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Imaging and Theranostic Nanobeacons

Research Professor Oliver McIntyre (Cancer Biology) is developing novel imaging and theranostic nanoreagents designed to detect cancer, deliver targeted therapy and monitor anti-tumor drug efficacy.  In his work, a variety of customized activatable imaging and therapeutic agents, including compounds delivered using dendrimeric scaffold nanomaterials (NDs), are being validated using a variety of established mouse models of cancer.  The McIntyre group has developed 'proteolytic beacons' (PBs) to image, with either optical (fluorescent) or MRI contrast, the elevated activity of specific proteinases, such as the matrix metalloproteinases (MMPs), within the tumor microenvironment in various mouse models of colon, breast and lung cancers.  New types of PBs are being formulated for cancer and other diseases, e.g., to measure proteinase activation associated with tumor growth and metastasis, to assess early response of tumors to therapy and to image MMP activities in non-tumor pathologies such as inflammation and wound healing.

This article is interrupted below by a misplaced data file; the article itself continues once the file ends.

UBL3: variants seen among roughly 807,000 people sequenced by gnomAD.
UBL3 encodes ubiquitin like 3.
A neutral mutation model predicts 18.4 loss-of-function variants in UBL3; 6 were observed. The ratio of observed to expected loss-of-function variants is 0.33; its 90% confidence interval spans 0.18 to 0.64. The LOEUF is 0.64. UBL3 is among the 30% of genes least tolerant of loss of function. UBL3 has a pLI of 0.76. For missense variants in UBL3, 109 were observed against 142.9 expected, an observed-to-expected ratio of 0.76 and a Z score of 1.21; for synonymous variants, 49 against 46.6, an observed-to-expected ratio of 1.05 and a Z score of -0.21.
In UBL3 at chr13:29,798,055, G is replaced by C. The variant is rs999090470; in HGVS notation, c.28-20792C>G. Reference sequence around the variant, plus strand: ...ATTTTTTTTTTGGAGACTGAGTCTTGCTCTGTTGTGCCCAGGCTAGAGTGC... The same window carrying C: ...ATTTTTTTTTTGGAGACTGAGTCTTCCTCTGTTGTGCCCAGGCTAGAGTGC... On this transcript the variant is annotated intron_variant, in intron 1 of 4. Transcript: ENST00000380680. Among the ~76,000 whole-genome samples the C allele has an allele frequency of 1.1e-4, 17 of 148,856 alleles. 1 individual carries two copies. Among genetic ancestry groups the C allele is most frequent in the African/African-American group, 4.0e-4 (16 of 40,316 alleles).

McIntyre is also adapting the beacon platform to generate theranostic dendrimeric nanomaterials (NDs) that not only interrogate tumors but also simultaneously target delivery of pro-drugs.  These kinds of pro-drugs are designed to become active after proteolytic cleavage, thereby exploiting the elevated proteinase microenvironment of tumors for precision targeting therapeutic agents.  As one aspect of this work, novel bifunctional pro-drug ND-PB theranostic agents are being optimized to enhance targeted delivery of cytotoxic drugs to tumors so as to improve therapeutic efficacy while reducing systemic toxicity.

Vanderbilt University